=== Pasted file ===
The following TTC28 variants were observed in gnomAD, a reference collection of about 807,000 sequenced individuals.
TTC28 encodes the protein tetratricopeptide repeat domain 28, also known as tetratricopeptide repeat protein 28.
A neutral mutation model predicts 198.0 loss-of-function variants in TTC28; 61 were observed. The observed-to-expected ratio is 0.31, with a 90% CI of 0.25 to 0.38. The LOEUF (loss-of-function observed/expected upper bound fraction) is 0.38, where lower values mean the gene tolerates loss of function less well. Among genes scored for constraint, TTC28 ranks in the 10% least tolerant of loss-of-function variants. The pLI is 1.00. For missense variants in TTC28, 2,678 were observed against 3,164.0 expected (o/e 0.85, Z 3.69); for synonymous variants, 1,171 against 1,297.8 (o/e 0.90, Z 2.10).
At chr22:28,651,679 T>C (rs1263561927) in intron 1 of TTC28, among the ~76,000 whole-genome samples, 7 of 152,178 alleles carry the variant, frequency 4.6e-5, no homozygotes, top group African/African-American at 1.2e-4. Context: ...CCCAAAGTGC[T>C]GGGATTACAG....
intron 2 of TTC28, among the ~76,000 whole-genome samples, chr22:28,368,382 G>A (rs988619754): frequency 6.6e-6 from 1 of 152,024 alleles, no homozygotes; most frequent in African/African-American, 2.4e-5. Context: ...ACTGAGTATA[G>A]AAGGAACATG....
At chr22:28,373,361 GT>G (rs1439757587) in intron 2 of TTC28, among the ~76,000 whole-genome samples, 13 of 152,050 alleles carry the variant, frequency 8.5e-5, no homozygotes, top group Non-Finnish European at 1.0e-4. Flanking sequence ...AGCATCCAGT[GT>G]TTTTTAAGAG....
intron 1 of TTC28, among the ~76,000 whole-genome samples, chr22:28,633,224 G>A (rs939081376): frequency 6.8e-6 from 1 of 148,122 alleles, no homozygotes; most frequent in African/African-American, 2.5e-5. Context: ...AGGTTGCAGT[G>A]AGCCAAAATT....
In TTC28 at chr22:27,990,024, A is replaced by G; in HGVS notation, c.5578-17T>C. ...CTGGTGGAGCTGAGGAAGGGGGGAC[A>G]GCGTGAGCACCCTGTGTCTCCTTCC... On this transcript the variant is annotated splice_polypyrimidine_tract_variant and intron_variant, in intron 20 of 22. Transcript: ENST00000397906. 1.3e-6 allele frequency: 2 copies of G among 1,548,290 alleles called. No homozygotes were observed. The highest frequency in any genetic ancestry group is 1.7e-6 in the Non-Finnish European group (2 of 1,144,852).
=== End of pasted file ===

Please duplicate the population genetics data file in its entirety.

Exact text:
The following TTC28 variants were observed in gnomAD, a reference collection of about 807,000 sequenced individuals.
TTC28 encodes the protein tetratricopeptide repeat domain 28, also known as tetratricopeptide repeat protein 28.
A neutral mutation model predicts 198.0 loss-of-function variants in TTC28; 61 were observed. The observed-to-expected ratio is 0.31, with a 90% CI of 0.25 to 0.38. The LOEUF (loss-of-function observed/expected upper bound fraction) is 0.38, where lower values mean the gene tolerates loss of function less well. Among genes scored for constraint, TTC28 ranks in the 10% least tolerant of loss-of-function variants. The pLI is 1.00. For missense variants in TTC28, 2,678 were observed against 3,164.0 expected (o/e 0.85, Z 3.69); for synonymous variants, 1,171 against 1,297.8 (o/e 0.90, Z 2.10).
At chr22:28,651,679 T>C (rs1263561927) in intron 1 of TTC28, among the ~76,000 whole-genome samples, 7 of 152,178 alleles carry the variant, frequency 4.6e-5, no homozygotes, top group African/African-American at 1.2e-4. Context: ...CCCAAAGTGC[T>C]GGGATTACAG....
intron 2 of TTC28, among the ~76,000 whole-genome samples, chr22:28,368,382 G>A (rs988619754): frequency 6.6e-6 from 1 of 152,024 alleles, no homozygotes; most frequent in African/African-American, 2.4e-5. Context: ...ACTGAGTATA[G>A]AAGGAACATG....
At chr22:28,373,361 GT>G (rs1439757587) in intron 2 of TTC28, among the ~76,000 whole-genome samples, 13 of 152,050 alleles carry the variant, frequency 8.5e-5, no homozygotes, top group Non-Finnish European at 1.0e-4. Flanking sequence ...AGCATCCAGT[GT>G]TTTTTAAGAG....
intron 1 of TTC28, among the ~76,000 whole-genome samples, chr22:28,633,224 G>A (rs939081376): frequency 6.8e-6 from 1 of 148,122 alleles, no homozygotes; most frequent in African/African-American, 2.5e-5. Context: ...AGGTTGCAGT[G>A]AGCCAAAATT....
In TTC28 at chr22:27,990,024, A is replaced by G; in HGVS notation, c.5578-17T>C. ...CTGGTGGAGCTGAGGAAGGGGGGAC[A>G]GCGTGAGCACCCTGTGTCTCCTTCC... On this transcript the variant is annotated splice_polypyrimidine_tract_variant and intron_variant, in intron 20 of 22. Transcript: ENST00000397906. 1.3e-6 allele frequency: 2 copies of G among 1,548,290 alleles called. No homozygotes were observed. The highest frequency in any genetic ancestry group is 1.7e-6 in the Non-Finnish European group (2 of 1,144,852).